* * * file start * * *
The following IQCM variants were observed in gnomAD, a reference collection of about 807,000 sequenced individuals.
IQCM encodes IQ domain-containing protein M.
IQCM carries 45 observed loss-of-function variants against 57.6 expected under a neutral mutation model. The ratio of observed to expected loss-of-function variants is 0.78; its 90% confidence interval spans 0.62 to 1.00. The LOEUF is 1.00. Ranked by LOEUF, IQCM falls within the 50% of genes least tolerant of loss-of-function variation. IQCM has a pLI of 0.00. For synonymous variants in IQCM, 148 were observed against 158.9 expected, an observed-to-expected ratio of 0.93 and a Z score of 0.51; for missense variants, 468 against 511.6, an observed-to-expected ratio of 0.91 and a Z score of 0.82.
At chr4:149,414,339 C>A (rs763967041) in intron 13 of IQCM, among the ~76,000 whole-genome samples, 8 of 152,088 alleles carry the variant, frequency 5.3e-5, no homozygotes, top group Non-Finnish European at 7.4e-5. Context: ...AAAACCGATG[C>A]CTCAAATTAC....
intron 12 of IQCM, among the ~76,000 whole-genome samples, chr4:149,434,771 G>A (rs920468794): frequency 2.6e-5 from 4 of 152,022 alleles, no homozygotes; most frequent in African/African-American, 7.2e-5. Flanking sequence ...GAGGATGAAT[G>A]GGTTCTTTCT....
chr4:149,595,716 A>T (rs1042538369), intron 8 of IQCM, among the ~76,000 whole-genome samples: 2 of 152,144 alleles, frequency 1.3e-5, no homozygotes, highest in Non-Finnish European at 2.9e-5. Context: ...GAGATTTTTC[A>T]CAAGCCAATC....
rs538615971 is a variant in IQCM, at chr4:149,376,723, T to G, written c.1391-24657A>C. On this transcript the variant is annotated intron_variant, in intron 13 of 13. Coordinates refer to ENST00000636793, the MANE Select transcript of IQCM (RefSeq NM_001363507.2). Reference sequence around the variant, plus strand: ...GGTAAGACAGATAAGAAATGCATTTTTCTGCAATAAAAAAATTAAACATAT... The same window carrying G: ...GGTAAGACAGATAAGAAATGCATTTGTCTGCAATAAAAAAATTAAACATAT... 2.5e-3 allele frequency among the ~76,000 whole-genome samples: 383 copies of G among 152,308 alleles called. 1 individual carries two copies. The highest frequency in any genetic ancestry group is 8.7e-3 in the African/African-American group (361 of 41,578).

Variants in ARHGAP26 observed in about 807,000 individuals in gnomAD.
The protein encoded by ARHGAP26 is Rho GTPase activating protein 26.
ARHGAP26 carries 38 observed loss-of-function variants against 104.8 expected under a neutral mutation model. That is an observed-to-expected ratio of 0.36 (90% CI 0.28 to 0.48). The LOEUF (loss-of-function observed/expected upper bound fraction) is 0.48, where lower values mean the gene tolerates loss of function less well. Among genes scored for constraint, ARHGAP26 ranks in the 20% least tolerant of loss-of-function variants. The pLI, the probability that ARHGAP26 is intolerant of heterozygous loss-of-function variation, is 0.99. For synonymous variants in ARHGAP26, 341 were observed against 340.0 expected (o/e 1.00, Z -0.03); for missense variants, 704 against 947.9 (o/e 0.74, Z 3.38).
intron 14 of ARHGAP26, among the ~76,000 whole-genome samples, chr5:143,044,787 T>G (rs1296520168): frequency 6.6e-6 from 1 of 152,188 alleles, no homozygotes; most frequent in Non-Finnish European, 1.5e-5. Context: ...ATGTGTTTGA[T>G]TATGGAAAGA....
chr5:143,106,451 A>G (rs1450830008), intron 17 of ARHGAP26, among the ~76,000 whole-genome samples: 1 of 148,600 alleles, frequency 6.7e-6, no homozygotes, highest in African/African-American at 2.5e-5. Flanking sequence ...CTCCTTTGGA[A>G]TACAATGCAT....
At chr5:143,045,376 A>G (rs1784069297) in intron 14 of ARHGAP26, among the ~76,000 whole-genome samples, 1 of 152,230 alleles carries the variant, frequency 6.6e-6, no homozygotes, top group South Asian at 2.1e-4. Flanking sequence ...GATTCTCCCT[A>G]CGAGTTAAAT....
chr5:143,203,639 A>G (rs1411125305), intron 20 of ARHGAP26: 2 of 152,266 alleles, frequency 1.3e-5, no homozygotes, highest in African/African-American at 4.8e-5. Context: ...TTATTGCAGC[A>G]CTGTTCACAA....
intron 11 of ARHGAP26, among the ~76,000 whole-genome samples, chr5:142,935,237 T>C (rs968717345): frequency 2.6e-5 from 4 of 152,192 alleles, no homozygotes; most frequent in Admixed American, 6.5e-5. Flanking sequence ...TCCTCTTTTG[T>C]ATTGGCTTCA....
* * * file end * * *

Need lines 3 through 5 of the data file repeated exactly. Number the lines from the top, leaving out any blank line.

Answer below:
IQCM carries 45 observed loss-of-function variants against 57.6 expected under a neutral mutation model. The ratio of observed to expected loss-of-function variants is 0.78; its 90% confidence interval spans 0.62 to 1.00. The LOEUF is 1.00. Ranked by LOEUF, IQCM falls within the 50% of genes least tolerant of loss-of-function variation. IQCM has a pLI of 0.00. For synonymous variants in IQCM, 148 were observed against 158.9 expected, an observed-to-expected ratio of 0.93 and a Z score of 0.51; for missense variants, 468 against 511.6, an observed-to-expected ratio of 0.91 and a Z score of 0.82.
At chr4:149,414,339 C>A (rs763967041) in intron 13 of IQCM, among the ~76,000 whole-genome samples, 8 of 152,088 alleles carry the variant, frequency 5.3e-5, no homozygotes, top group Non-Finnish European at 7.4e-5. Context: ...AAAACCGATG[C>A]CTCAAATTAC....
intron 12 of IQCM, among the ~76,000 whole-genome samples, chr4:149,434,771 G>A (rs920468794): frequency 2.6e-5 from 4 of 152,022 alleles, no homozygotes; most frequent in African/African-American, 7.2e-5. Flanking sequence ...GAGGATGAAT[G>A]GGTTCTTTCT....